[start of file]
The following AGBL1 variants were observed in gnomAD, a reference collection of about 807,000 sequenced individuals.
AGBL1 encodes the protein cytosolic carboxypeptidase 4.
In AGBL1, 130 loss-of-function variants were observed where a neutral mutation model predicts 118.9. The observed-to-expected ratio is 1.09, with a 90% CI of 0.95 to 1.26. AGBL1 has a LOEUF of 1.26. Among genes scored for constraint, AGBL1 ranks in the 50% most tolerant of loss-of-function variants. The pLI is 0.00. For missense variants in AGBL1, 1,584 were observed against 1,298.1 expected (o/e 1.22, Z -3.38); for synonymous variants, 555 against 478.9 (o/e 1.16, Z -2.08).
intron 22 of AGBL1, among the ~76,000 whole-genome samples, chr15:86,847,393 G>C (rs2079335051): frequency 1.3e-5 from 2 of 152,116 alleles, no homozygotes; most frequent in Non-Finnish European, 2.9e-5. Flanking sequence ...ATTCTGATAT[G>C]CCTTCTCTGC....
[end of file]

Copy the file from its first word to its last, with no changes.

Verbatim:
The following AGBL1 variants were observed in gnomAD, a reference collection of about 807,000 sequenced individuals.
AGBL1 encodes the protein cytosolic carboxypeptidase 4.
In AGBL1, 130 loss-of-function variants were observed where a neutral mutation model predicts 118.9. The observed-to-expected ratio is 1.09, with a 90% CI of 0.95 to 1.26. AGBL1 has a LOEUF of 1.26. Among genes scored for constraint, AGBL1 ranks in the 50% most tolerant of loss-of-function variants. The pLI is 0.00. For missense variants in AGBL1, 1,584 were observed against 1,298.1 expected (o/e 1.22, Z -3.38); for synonymous variants, 555 against 478.9 (o/e 1.16, Z -2.08).
intron 22 of AGBL1, among the ~76,000 whole-genome samples, chr15:86,847,393 G>C (rs2079335051): frequency 1.3e-5 from 2 of 152,116 alleles, no homozygotes; most frequent in Non-Finnish European, 2.9e-5. Flanking sequence ...ATTCTGATAT[G>C]CCTTCTCTGC....